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2 Posts tagged with the mid_winter_dinner tag
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Mid -Winter

Posted by Conservators Jul 10, 2013

Author: Jaime Ward

Date: 26 June 2013

Temperature: -19.9

Wind Speed: 0

Temp with Wind Chill: -19/9

Sunrise: n/a

Sunset: n/a

 

Recently we celebrated mid- winter in true Antarctic fashion, with an elaborate dinner at Scott Base, for the fifteen of us and 25 invited American guests. The following evening was Mc Murdo's turn which, given their number of winter staff, was a much larger event to which we were all invited.

 

Mid-winter dinner LR.jpg

Scott Base Mid-Winter dinner - Tim Delaney

 

This tradition of celebration goes back to the early expeditions, for whom the passing of midwinter must have been hugely significant, allowing them to look forward to the gradual return of the sun and a chance to get away from the cramped confines of their winter quarters.

 

http://http://www.spri.cam.ac.uk/library/pictures/catalogue/article/p2005.5.447/ Click here to see a photograph of Midwinter Day Dinner at Winterquarters Hut, June 22nd 1911.

 

Mid –winter has also given us all a reminder of that we on Ross Island are just one small part of an extensive international community of Antarctic winter residents at bases both on the continent and on the sub-Antarctic islands. A new tradition is emerging with each of the bases e-mailing their mid-winter greetings (and usually a group photo) to each of the others. We received about thirty and they now cover the dining room wall, a great reminder that in spite of all this apparent emptiness, we do still have neighbours.    

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Author: Gretel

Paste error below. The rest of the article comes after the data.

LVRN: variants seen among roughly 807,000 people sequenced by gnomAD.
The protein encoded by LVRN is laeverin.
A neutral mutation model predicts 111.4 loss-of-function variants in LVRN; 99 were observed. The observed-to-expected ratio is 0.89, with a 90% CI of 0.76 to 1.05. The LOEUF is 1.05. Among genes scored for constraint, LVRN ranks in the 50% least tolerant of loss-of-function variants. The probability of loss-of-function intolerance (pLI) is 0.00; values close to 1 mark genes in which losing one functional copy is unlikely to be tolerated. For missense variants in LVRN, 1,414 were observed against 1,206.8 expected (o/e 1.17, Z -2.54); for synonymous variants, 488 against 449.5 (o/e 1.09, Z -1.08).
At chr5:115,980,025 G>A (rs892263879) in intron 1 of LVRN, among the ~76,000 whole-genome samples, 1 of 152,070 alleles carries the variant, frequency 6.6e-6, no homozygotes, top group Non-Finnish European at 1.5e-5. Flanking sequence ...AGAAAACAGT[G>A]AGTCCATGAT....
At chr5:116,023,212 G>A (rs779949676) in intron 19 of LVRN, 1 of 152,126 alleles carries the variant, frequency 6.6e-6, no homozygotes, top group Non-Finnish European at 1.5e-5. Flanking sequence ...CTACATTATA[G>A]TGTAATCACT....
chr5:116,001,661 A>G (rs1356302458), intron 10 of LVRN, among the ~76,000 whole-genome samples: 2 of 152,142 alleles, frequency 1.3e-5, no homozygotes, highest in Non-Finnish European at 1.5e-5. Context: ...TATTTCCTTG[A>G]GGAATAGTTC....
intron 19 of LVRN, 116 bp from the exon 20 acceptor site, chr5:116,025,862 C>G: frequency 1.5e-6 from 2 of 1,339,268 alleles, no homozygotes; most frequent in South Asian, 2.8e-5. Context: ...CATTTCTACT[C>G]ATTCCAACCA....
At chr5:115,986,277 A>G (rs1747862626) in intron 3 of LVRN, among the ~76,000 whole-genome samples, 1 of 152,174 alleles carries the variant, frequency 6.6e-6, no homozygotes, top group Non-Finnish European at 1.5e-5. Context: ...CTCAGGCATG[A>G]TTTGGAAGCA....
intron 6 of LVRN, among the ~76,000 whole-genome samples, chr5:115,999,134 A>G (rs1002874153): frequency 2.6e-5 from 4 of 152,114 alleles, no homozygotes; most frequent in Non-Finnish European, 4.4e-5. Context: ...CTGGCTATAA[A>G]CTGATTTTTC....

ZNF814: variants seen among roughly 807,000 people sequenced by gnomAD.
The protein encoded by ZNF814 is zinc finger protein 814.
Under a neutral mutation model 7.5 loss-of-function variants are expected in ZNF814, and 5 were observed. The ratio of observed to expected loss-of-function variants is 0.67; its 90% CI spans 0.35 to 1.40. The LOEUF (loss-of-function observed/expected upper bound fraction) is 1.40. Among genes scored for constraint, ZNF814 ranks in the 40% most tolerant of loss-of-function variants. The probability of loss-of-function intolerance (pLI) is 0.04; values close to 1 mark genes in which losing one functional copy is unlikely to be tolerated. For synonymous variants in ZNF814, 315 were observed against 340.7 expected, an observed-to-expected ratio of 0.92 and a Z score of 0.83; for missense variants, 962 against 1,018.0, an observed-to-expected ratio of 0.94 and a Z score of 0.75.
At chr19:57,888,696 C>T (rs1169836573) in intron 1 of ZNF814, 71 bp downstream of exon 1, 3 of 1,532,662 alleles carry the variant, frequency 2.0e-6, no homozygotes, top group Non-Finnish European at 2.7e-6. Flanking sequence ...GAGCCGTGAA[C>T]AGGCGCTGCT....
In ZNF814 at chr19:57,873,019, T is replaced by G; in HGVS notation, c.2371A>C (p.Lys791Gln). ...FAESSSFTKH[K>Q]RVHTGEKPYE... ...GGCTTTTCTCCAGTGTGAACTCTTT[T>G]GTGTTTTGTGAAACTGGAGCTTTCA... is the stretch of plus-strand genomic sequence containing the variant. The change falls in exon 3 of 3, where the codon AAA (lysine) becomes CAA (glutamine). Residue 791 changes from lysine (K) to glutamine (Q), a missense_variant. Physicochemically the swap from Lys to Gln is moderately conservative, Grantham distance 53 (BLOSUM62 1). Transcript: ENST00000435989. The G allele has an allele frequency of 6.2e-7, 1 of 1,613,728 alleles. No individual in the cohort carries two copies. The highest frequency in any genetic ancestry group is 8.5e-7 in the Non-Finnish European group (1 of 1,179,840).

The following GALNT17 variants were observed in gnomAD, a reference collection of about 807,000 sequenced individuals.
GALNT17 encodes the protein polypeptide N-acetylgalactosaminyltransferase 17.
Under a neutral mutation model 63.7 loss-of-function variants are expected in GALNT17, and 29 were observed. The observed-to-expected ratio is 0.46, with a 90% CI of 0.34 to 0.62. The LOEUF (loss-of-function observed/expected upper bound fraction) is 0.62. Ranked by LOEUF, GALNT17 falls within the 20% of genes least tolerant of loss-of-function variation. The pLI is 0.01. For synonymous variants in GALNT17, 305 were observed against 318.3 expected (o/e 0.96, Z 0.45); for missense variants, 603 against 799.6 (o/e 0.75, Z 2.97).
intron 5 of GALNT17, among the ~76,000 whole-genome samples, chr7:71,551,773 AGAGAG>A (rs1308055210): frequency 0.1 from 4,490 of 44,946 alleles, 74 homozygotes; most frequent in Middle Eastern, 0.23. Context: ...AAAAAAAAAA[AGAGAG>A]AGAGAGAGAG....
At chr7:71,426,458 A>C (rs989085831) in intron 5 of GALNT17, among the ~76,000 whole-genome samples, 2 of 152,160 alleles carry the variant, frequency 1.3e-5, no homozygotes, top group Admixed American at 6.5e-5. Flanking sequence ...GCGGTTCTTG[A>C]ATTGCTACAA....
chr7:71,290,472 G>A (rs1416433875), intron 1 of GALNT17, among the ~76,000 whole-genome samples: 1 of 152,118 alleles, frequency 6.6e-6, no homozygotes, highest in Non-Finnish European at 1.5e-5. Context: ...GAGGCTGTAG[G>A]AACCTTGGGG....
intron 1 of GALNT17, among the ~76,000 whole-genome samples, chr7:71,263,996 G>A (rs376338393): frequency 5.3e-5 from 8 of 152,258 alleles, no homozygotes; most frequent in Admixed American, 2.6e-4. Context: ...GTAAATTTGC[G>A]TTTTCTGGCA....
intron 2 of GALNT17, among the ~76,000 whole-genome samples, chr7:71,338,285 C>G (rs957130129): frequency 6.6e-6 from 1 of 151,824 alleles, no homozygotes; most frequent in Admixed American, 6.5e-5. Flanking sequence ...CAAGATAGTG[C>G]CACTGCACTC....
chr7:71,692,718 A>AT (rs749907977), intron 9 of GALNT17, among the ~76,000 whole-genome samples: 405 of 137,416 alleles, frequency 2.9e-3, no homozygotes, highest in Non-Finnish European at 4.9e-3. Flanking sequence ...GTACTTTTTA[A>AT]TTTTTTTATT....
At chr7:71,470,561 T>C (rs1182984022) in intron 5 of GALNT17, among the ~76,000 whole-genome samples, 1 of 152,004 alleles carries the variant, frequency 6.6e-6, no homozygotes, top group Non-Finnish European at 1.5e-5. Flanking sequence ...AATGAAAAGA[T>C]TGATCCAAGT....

Date: 20 June 2012

Temperture: -28C

Wind Speed: 20 knots

Temp with wind chill: -55C

Sunrise: N/A

Sunset: N/A

 

 

With only one day to go until the mid-winter solstice, Antarctica is a whirlwind of fun and festivities.

 

24-hour darkness has been upon us since 20 April when we watched the sun disappear below the horizon, not to be seen again until 19 August. The solstice on 20 June marks the half-way point in our winter so it is widely celebrated by many of the crews at international bases throughout Antarctica.

 

One of the main ways of celebrating is with a feast of food. Scott Base had an amazing 7 course dinner featuring scallops, venison and chocolate mousse cake to mention but a few.

 

menu.jpg

Scott Base Mid-Winter dinner menu

 

Another tradition is the polar plunge. A crazy custom whereby participants take the opportunity to jump into the sea through a hole cut through the sea-ice in temperatures of minus 30 degrees Celsius.

 

Polar Plunger.jpg

Polar plunger reclines in the freezing waters

 

We know that these activities go on throughout the Antarctic continent (and are not just confined to crazy Kiwis) as the many international bases send mid-winter greeting e-cards boasting of the delights of their base and mid-winter feast, usually extending an open invitation to all to attend. This irony isn’t lost on those who appreciate that travel to Antarctica is out of the question during the mid-winter (unless it is a question of life or death) so to travel thousands of miles across it is a wistful idea for the sake of attending a mid-winter dinner party.